Celebrating Joy In The Midst Of Cancer

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We had an insanely busy May as a family, and not everything that happened was bad. In fact, two events were life changing moments of pure joy.

Or at least they were meant to be.

My niece was born May 13th and my husband and I were married May 17th. My mother had surgery May 4th, though, and we were still struggling through that. It felt odd, the switch between hardship and joy throughout the month. One minute we were all constantly texting and calling, checking on each other and passing information back and forth about how my mother was recovering. The next, we were texting and calling about my sister-in-law and niece, getting pictures and shedding tears of happiness instead of sorrow (she has so much hair! she’s so precious! look at that face!). Immediately after, we were texting and sending pictures of our wedding weekend, of my husband’s commissioning, graduation, and our wedding ceremony.

jp0494(Gratuitous wedding photo share…)

It was a whirlwind of emotions. There were plenty of times when I felt guilty for feeling happy during my wedding weekend. It was a weird sort of guilt, the guilt of dragging my mother out of the house to go to the rehearsal, rehearsal dinner, and wedding when she should have been home resting. But there was also a deeper sort of joy, beyond getting married and being an aunt, a deeper kind that was purely the joy that mom was there to share it all with us, the joy that she had made it through and was going to get better.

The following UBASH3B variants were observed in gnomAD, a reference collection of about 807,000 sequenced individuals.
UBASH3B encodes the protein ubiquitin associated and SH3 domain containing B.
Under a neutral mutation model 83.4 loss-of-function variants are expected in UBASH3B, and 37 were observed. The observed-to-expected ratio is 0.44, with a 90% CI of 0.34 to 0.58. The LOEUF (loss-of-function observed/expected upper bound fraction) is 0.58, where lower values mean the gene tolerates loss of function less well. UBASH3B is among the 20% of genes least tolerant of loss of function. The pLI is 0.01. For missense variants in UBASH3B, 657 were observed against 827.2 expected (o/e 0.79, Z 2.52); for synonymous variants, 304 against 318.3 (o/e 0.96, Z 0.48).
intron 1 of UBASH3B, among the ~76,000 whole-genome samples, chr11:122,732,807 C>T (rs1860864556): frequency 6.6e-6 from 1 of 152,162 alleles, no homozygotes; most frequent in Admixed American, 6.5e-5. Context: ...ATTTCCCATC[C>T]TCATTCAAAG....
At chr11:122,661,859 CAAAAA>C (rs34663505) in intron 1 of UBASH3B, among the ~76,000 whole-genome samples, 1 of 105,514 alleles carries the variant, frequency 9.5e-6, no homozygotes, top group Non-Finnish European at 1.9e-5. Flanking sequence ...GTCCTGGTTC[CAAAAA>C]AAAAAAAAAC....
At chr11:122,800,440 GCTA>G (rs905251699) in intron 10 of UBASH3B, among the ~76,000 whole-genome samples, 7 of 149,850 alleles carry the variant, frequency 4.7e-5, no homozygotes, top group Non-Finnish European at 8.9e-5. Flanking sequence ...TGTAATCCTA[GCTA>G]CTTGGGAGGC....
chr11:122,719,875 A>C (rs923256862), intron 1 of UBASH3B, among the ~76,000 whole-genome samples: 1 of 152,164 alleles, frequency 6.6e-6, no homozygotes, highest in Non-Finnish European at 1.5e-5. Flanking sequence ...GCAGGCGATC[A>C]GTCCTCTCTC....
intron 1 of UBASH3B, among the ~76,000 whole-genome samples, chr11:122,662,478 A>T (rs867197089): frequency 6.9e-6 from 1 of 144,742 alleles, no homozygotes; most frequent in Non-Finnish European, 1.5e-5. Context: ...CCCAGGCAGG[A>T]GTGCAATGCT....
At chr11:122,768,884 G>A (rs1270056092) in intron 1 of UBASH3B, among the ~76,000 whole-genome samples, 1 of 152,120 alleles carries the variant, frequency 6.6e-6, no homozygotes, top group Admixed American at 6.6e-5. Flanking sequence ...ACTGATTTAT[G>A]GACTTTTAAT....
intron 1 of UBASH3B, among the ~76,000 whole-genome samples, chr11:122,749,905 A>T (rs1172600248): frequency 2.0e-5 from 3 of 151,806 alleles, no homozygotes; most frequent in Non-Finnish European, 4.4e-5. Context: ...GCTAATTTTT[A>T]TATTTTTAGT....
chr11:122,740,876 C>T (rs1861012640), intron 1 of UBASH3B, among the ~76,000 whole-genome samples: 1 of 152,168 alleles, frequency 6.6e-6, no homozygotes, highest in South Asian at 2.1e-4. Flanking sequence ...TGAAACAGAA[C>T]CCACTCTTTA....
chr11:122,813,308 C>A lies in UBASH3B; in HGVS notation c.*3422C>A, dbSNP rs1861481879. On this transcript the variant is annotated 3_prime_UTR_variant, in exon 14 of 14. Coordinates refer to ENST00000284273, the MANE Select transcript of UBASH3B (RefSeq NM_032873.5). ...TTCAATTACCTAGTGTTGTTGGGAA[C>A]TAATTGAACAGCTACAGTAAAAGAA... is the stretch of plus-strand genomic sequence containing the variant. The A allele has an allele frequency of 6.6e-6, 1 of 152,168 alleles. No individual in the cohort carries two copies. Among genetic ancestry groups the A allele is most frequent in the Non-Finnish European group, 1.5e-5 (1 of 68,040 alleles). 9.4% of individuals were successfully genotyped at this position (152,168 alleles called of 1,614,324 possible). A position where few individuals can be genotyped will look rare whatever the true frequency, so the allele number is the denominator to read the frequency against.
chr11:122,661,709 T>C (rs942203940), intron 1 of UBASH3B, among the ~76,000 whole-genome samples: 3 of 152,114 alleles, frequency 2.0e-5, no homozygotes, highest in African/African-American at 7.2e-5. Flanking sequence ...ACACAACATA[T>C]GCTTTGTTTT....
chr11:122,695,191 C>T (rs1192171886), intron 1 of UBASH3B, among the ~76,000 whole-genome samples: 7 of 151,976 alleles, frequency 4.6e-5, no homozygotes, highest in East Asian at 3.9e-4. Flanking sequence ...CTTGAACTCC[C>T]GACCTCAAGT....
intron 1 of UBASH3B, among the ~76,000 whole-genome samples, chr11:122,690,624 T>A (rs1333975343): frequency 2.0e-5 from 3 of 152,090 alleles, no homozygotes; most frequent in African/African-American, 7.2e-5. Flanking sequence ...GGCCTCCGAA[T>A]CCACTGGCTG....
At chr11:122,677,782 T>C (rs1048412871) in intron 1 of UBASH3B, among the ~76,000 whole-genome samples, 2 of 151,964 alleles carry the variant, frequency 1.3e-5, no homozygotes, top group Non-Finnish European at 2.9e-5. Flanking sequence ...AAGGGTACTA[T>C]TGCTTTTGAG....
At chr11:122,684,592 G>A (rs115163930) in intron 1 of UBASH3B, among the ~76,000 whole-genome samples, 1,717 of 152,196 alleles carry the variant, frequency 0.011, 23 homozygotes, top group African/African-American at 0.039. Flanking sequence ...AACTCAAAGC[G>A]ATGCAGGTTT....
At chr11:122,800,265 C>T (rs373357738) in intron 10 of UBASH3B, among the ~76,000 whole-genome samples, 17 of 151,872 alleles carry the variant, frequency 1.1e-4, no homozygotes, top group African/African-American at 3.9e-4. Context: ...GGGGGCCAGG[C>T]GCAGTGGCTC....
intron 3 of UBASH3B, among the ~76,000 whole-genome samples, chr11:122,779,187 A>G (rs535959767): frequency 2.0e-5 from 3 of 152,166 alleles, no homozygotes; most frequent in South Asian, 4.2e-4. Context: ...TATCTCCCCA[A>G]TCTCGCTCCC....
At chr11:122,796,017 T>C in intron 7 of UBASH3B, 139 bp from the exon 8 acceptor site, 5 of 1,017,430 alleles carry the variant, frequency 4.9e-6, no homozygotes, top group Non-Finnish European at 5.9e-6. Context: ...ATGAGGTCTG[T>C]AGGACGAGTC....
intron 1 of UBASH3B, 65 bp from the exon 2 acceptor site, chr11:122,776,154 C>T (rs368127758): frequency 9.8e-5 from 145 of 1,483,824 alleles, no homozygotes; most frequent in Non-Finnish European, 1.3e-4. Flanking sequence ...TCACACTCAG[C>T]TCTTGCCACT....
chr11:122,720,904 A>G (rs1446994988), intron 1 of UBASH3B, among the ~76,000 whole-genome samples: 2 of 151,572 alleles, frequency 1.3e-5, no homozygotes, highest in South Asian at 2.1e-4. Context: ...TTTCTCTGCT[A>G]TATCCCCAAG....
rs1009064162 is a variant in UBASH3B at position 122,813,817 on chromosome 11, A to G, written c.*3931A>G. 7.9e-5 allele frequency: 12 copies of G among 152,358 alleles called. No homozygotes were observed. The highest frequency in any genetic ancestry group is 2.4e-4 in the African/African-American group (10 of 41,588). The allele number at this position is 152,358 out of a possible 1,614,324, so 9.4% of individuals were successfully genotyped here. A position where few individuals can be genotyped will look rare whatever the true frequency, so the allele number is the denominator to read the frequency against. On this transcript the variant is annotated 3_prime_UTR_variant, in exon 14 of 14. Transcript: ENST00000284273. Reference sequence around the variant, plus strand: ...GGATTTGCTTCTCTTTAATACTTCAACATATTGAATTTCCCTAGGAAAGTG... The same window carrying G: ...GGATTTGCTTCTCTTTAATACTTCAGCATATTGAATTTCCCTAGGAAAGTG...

Before her surgery was scheduled, we weren’t sure if she’d make it to the wedding or still be in the hospital. I petulantly told my husband that if she didn’t make it to the wedding, neither would I. I think I told him to “marry himself, then,” when he tried to tell me I was being ridiculous. I couldn’t imagine going through that day without her, couldn’t imagine walking down the aisle without seeing her in the front row. Her surgeon was amazing, though, and made sure she was rushed into surgery before my wedding, so that we knew she’d be released and able to attend. We were all so happy that weekend, especially after my niece’s birth only a few days before.

The guilt gradually went away, because honestly I think we all needed things to be happy about.

That’s just it. There shouldn’t be any guilt about joyous events. They were all so wonderful, and they were the boost we all needed as a family. My mother has been so happy, getting daily photos of her first grandchild, seeing the photos from our wedding, knowing that we all have things to look forward to. Joy is the only reason to keep going, and during cancer you need joy most of all. Celebrate joy, never let yourself feel guilty for being happy, even as you’re struggling. Especially when you’re struggling. That’s when joy matters the most.